There was a previous dealing between the Claimant and the Defendant. In June, 2000 Defendant had obtained a quotation for the supply of software from the Claimant. Due to instability of the Malawi Kwacha the quotation was in US$. The Defendant paid MK500,000 as deposit for the purchase of the said software.

As it were, though the quotation was in US$ the invoice, which was to be given upon delivery, was to be in Malawi Kwacha.

Cancellation of order

Before the Claimant delivered the software the Defendant cancelled the order. The Plaintiff then offered to refund the sum of MK500,000 paid as deposit. However, the Defendant stopped the Plaintiff from refunding the money. It told the Plaintiff that this money would be used in future for the purchase of hardware.

The Claimant kept the money as they were waiting for the order of the hardware. It is said that the Claimant was sending the Defendant monthly statements reminding it about the MK500,000 standing to the credit of its account.

Use of MK 500,000

The Defendant took about 6 years to place the order for the hardware. The Claimant, upon supplying the hardware, did off set the sum of MK500,000 from the total cost of MK1,573,685.04 being the cost of the hardware. Thus, in the view of the Plaintiff there remained a balance due in the sum of MK1,073,685.04 on the said hardware. However, when the Claimant asked the Defendant to pay the balance the latter refused to pay. The Defendant argued that the deposit of MK500,000 paid in June 2000 fully paid for the cost of the hardware. As a result, a dispute has arisen between the parties on the payment of MK1,073,685.04 hence this action.

 

Defendant’s assertions

The Defendant’s version of what transpired in this matter is absolutely different from what the Plaintiff said in this court. It is contended by the Defendant that on or about the 20th June 2000, it placed an order with the Plaintiff for the purchase of soft ware. The Plaintiff then issued a quotation for the soft ware for US$39,405.00. Further, it is said that simultaneously with the quotation was the Plaintiff’s Conditions Relating to the Sale of IT Products.

The Defendant further asserts that in accordance with said Conditions it made part advance payment towards the US$39,405.00. It says that it paid the dollar equivalent of MK500,000 which was US$9,119.69 as the exchange rate at the time was K54.8625 to US$1. In other words, the Defendant opines that it made an advance payment of the Malawi Kwacha equivalent of US$9,119.69 against the said quote. Thus, leaving a balance of US$30,285.31 as the unsettled amount.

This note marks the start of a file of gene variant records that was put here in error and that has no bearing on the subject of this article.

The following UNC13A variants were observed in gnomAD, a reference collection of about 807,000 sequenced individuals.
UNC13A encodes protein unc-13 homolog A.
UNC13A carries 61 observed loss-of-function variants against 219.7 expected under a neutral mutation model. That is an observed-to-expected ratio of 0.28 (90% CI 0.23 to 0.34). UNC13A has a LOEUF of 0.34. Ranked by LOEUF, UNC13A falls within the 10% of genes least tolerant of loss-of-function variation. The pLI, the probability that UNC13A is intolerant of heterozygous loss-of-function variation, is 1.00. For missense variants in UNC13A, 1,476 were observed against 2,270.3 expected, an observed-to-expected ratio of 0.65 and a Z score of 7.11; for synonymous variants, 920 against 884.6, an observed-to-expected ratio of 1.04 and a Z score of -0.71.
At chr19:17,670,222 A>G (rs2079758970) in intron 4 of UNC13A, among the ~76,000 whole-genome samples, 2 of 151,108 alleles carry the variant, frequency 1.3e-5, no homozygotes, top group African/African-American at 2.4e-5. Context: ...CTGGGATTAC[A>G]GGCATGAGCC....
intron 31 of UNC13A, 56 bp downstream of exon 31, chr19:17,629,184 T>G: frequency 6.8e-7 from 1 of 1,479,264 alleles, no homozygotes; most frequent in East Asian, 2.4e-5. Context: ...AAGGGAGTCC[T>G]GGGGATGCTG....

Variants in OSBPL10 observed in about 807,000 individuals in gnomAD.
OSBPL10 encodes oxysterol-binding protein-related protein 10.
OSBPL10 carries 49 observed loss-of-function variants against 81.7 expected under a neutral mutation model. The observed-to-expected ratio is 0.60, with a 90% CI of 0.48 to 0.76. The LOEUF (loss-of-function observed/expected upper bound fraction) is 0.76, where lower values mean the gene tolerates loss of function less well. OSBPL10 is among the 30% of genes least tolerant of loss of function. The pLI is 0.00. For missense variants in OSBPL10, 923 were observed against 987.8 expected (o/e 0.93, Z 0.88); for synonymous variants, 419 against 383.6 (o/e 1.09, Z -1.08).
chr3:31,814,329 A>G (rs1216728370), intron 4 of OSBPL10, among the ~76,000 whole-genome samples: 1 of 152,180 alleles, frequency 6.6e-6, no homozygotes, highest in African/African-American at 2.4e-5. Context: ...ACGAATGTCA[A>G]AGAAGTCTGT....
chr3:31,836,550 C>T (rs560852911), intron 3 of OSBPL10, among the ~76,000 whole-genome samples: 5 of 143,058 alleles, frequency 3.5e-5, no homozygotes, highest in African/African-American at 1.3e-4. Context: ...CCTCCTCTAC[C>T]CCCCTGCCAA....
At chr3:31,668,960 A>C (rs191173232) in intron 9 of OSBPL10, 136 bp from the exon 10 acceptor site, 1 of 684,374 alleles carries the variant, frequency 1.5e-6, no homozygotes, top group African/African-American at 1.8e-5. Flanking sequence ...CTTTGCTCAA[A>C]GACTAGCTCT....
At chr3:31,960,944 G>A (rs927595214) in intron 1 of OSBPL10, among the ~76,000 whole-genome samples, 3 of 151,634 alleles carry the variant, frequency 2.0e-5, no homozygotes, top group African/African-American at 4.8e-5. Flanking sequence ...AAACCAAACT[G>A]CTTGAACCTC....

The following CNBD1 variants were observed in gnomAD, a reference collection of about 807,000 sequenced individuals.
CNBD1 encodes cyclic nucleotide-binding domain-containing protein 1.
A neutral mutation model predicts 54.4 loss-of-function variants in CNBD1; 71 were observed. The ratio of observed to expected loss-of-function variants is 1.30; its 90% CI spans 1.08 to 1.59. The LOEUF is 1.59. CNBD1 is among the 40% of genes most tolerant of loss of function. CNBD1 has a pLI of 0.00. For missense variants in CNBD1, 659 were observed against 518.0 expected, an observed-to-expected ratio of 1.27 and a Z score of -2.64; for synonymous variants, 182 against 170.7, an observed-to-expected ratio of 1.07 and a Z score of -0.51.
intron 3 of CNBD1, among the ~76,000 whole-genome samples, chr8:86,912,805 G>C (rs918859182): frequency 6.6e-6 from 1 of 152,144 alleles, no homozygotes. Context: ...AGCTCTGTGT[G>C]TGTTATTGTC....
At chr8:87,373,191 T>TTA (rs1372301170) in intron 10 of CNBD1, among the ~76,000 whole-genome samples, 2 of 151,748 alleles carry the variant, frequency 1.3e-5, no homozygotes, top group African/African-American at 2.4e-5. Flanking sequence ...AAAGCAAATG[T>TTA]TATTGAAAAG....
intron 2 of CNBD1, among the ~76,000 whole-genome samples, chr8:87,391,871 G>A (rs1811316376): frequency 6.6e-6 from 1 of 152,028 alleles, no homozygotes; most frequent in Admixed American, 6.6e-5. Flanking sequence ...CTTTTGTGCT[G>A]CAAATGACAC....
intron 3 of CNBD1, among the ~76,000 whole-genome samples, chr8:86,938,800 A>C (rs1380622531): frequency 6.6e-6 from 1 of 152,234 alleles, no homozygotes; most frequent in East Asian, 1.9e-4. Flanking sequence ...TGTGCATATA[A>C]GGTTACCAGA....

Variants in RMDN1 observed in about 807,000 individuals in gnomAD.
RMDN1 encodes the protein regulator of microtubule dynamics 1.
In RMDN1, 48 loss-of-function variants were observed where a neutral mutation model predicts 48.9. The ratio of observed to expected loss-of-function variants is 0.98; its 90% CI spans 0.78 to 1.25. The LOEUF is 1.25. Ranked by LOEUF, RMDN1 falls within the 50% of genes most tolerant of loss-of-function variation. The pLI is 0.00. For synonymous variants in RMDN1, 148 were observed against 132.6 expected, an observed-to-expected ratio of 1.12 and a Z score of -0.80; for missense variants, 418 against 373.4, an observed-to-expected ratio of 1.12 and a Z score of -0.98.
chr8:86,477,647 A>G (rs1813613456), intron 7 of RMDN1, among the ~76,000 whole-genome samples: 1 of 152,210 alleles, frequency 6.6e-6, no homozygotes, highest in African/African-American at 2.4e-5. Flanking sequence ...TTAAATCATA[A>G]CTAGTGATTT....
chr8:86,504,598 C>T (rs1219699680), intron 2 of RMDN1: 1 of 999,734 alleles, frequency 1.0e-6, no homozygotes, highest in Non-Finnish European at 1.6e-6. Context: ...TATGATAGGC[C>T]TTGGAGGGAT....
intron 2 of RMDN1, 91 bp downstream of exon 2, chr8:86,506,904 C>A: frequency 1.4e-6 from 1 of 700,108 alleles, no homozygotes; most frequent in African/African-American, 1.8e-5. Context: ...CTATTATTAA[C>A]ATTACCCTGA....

The Defendant does not deny that the June 2000 order was subsequently cancelled. The Defendant continued to assert that the parties agreed that the advance payment that had already been made by it would be treated as advance payment for goods that it would purchase in future. Accordingly, it is said that on 14th August 2006, and 1st March 2007, the Defendant ordered and purchased goods from the Plaintiff on exactly the same conditions that applied in the June 2000 order viz. the quotes were in United States Dollars. But it is said that the payment was to be made in Kwacha at the applicable exchange rate. In its view, so it is said, the advance payment already made by the Defendant for the June 2000 order was to be advance payment for the August 2006 and March 2007 orders. As a result, the advance payment of US$9,113.69 at the applicable exchange rate in 2006 and 2007 is the equivalent of MK1,285,030.75. This sum of MK1,285,030.75, it is further contended, has to be set off from the August 2006 and March 2007 total purchase cost of MK1,573,685.05 leaving a balance of MK288,654.29.

 

ANALYSIS

As mentioned earlier, the Defendant opposes the action herein. For all intents and purposes it has been submitted on its behalf that the action by the Plaintiff be dismissed. Naturally, the Plaintiff is of the view that it has made out its case against the Defendant. For lack of terseness I will summarize and replicate the arguments of the parties. The said arguments were put into categories as follows:-

Isolation of contracts

It is the view of the Plaintiff that the Defendant committed a very serious error of judgment due to failure to realize that there were basically two separate contracts entered into by the parties. Accordingly, in its opinion there is need to isolate the contracts into one for the purchase of software and the other for the acquisition of hardware. As it were, the Plaintiff’s arguments were :-

Procurement of software

The Claimant argues that the contract of the year 2000 in respect of which a deposit of MK500,000 was paid on or about 20th June, 2000 was for purchase of software. This contract, so the argument went, had its own terms which, by the Defendant’s own admission, were cancelled. Put differently, the Plaintiff contends that the Defendant unilaterally rescinded the contract. It is further said that the Plaintiff in fact accepted the Defendant’s unilateral rescission and that is why they offered to refund the MK500,000 deposit.

On the other hand, it is urged on behalf of the Plaintiff, that looking at the evidence there was implied agreement to rescind the contract. Accordingly, it decided not to sue the Defendant for breach of contract but instead elected to accept its decision not to be bound. It is further submitted that since the contract was rescinded by the Plaintiff is completely discharged and can not be revived.